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CEDIA 2013

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Thomas J. Norton Posted: Sep 27, 2013 0 comments
Mounting a flat screen HDTV over the fireplace is a favorite trick of decorators everywhere. It's also a terrible idea, unless you don't mind a sore neck from looking up. But it doesn't have to be that way.

Future Automation isn't the first company to offer a mounting bracket that moves the TV out then down to a more comfortable position, but such devices are still not common. And this one isn't cheap. At about $3000, $4000 for a model that also swivels, it costs more than many HDTVs! And you obviously shouldn't use it in the down position with a fire in the fireplace!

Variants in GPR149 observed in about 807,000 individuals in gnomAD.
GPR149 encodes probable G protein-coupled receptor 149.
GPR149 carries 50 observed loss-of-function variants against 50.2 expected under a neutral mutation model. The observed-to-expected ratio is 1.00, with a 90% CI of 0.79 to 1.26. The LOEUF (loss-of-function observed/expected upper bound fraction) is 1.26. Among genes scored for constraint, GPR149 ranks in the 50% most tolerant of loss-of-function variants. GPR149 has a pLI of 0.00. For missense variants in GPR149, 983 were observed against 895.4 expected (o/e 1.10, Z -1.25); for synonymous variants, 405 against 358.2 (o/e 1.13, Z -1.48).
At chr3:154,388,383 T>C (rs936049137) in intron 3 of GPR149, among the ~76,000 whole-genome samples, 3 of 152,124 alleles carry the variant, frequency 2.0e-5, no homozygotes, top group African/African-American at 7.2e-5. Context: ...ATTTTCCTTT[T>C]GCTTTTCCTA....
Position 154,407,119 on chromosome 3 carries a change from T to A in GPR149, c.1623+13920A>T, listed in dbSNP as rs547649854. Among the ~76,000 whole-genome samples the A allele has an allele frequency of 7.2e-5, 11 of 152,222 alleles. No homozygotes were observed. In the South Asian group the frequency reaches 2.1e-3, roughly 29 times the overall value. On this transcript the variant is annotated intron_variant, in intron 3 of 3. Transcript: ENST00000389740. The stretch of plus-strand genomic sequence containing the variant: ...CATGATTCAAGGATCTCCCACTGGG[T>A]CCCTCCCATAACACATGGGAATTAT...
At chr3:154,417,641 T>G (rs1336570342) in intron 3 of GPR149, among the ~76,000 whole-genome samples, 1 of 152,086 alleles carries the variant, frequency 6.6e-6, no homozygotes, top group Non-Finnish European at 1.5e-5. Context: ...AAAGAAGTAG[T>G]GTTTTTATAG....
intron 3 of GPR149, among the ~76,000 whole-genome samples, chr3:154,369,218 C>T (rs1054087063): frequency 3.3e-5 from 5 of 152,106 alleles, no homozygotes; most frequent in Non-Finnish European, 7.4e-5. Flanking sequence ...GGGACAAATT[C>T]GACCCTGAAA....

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John Sciacca Posted: Sep 26, 2013 Published: Sep 27, 2013 0 comments
Linn is celebrating nearly 40 years in business, and the original turntable the company produced – the Sondek LP12 – was designed with the philosophy that any information lost at the turntable – the source – was lost. It didn’t matter how good the amp or the speakers, if the information was lost, it was unrecoverable. To celebrate the company’s 40th Anniversary, they partnered with Highland Park to create a very limited edition Sondek LP12 that is crafted from the solid oak casks used to mature Highland Park whisky. There will only be 40 of the turntables made, and each will include a bottle of 40-year Highland Park, also limited to just 40 bottles.
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John Sciacca Posted: Sep 27, 2013 0 comments